I suspect there will be two stories that will dominate discussions of both Republican and Democratic true believers in the morning. The first is Tim Johnson's $200,000 gift to the South Dakota Democratic party. The second is Rick Weiland's decision to challenge Mike Rounds on EB-5.
Neither event should surprise anyone. Tim Johnson, who tonight reminded the audience that he is South Dakota's longest serving Democrat, likely doesn't want to be the last Democrat South Dakota elects to the United States Senate. The EB-5 imbroglio is a chink in Rounds's armor, and Weiland would be foolish not to attempt to exploit it. Tonight, he did a fairly good job of simplifying the story as well. Weiland took on the program not just alleged mismanagement of the program: "To sell residency to rich foreigners, as my opponent aggressively advocated throughout his tenure as Governor, and in a debate just this Spring, is not economic development, it is government enabled extortion, and it is wrong," Weiland said.
The major question I had this morning as I sat down to begin taking notes during Bernie Hunhoff's address was simple: can any of the Democrats at the top of the ballot give themselves a puncher's chance? In fact, I was wondering if any of them even knew how to throw a punch, let alone one that landed and would be scored.
Tonight Rick Weiland, Susan Wismer, and Corinna Robinson convinced me that each can deliver a solid, effective punch..
Weiland, Wismer, and especially Robinson need Ann Tornberg to put on her speech and debate coach hat and work with them on their delivery a bit. (When Tornberg coached at Beresford, she produced some of the best orators I have ever judged in my 20 years on the South Dakota high school debate circuit.) Robinson did, however, convince me that she knows how to tell her story in a way that will prevent Kristi Noem from reprising the sorts of ads and YouTube videos she used to mock Matt Varilek. Robinson was particularly effective in dismissing the difficulty of unseating Noem when she said "tough is hugging your sons good-bye before going on yet another deployment."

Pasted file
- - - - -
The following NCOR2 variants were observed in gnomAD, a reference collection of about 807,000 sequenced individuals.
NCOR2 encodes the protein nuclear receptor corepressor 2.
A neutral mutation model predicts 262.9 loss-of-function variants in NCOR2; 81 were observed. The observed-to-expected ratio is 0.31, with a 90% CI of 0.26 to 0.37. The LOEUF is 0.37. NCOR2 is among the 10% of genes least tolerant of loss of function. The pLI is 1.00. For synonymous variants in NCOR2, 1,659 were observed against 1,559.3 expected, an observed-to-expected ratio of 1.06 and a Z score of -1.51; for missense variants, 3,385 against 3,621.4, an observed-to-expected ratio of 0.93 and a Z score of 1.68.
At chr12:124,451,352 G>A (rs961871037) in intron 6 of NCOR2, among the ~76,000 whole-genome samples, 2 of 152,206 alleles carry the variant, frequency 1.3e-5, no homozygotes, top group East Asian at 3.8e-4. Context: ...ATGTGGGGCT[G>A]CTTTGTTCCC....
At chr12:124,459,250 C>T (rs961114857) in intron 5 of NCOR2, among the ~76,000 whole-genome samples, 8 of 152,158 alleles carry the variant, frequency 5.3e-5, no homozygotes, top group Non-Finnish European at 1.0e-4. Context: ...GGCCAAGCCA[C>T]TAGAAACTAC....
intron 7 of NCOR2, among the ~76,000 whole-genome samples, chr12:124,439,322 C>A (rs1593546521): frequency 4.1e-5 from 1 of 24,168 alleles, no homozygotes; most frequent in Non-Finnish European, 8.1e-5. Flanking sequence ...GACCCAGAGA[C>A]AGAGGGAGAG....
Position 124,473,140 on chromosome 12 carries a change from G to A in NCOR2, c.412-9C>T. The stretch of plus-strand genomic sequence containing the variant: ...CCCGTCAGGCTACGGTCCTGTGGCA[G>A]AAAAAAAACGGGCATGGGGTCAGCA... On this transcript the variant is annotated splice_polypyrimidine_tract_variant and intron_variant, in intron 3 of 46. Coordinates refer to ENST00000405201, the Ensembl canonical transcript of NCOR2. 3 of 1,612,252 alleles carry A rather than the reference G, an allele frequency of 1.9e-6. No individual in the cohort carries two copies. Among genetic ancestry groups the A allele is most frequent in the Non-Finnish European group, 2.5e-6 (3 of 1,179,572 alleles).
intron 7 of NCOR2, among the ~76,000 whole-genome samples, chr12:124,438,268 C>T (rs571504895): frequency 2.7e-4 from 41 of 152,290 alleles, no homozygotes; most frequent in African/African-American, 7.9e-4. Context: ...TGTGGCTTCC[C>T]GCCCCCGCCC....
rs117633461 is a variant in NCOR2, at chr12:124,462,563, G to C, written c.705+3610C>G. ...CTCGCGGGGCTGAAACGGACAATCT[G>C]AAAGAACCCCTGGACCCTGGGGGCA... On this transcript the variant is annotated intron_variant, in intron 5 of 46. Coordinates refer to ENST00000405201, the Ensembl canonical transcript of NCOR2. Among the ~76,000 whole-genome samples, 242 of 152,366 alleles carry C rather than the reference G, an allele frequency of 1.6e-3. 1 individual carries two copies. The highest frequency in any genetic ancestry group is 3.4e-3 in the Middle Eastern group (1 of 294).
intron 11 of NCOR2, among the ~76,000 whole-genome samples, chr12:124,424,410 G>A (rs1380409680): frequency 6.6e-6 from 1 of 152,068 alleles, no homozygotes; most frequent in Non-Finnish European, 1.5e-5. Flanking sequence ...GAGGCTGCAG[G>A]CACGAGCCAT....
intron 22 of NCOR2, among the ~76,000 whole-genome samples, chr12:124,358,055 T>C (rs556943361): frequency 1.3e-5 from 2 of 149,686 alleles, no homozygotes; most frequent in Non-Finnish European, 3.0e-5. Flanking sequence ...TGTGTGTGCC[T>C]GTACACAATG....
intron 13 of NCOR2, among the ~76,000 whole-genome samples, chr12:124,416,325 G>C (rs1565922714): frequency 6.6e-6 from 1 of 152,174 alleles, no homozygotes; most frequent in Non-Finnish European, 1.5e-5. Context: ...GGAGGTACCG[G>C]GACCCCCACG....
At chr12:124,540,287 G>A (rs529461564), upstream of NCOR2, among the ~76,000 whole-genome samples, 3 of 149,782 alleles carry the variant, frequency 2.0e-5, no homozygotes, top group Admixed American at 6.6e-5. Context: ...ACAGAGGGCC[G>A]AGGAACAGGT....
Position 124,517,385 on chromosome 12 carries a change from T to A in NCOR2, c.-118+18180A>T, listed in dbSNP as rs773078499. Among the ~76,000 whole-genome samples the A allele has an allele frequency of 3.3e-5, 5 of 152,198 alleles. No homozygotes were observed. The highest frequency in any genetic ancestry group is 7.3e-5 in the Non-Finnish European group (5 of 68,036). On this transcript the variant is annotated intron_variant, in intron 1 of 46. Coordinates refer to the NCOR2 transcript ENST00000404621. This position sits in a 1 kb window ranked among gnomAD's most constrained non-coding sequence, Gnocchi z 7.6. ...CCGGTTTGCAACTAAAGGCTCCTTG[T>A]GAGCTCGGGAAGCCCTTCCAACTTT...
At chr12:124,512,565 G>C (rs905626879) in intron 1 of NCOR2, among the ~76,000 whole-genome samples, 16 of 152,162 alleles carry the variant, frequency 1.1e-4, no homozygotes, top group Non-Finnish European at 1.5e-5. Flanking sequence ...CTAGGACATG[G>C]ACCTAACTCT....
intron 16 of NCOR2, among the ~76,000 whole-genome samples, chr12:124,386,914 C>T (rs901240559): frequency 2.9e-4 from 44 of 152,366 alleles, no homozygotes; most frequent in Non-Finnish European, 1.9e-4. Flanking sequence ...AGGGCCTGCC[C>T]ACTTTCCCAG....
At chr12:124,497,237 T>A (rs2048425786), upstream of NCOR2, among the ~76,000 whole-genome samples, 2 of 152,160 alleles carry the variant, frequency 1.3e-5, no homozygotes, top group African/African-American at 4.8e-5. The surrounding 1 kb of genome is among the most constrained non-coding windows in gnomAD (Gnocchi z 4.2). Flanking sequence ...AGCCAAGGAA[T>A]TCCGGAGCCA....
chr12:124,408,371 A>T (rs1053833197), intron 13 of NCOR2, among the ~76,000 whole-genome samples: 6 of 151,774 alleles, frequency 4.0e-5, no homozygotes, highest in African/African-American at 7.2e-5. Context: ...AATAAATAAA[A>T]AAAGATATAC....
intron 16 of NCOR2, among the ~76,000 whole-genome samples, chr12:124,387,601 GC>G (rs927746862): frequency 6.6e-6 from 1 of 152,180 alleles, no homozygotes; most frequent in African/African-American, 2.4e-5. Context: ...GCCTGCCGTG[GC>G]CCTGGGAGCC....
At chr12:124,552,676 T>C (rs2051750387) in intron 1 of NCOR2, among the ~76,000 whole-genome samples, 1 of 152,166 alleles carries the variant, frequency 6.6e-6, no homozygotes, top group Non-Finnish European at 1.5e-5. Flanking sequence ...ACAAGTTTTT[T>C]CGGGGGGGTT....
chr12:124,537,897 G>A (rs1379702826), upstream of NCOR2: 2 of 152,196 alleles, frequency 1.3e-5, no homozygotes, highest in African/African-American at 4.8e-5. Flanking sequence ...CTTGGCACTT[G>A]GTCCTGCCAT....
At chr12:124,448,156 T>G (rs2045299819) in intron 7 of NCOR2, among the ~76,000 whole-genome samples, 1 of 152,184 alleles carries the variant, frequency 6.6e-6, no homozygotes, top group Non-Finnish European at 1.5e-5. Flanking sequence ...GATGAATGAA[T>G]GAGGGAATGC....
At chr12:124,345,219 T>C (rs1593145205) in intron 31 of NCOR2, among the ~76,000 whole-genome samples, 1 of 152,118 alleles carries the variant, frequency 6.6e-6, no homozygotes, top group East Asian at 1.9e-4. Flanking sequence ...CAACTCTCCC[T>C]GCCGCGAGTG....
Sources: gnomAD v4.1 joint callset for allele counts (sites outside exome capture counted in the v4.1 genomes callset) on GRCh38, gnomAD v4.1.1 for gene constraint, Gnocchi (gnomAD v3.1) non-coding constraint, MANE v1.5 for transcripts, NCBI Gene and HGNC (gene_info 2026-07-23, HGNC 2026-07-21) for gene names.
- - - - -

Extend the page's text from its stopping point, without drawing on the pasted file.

I generally hate politicians' use of a friend or relative to tell an Horatio Alger story or a "win just one more for the Gipper" tale. Susan Wismer, however, delivered that sort of anecdote and I didn't start cursing. In fact, I found the story of a church full of people returning from out of state to honor a man at his funeral rather telling. Further, Wismer was able to simply categorize Governor Daugaard's economic development efforts as "bringing in out-of-state companies with an out-of-state work force."
Weiland seems much more comfortable in his own skin and much better able to deliver the populist rhetoric than he was last summer. Weiland mentioned his appreciation for the late Paul Wellstone and Wellstone's skills as a campaigner. Tonight, however, Wieland reminded me of another United States Senator from Minnesota, Hubert Humphrey who was called "The Happy Warrior." Weiland seems to be thoroughly enjoying the campaign.
Each of these candidates is still an underdog and each will have to hope that their Republican opponent makes an unforced error or two. Before this evening, I was fairly convinced that none of them could take advantage of any error their opponents might make. After their performance tonight, I believe each can.
My favorite political color is purple. I'm certain that some Democrats in Hawaii or California display the same hubris and sense of entitlement that some South Dakota Republicans exhibit. I'm also not an optimist by nature. Every glass I own is half empty and cracked. There will not be a blue tide in November, but Democrats have a puncher's chance of preventing a blood red November.That's a better chance than I thought they had this morning.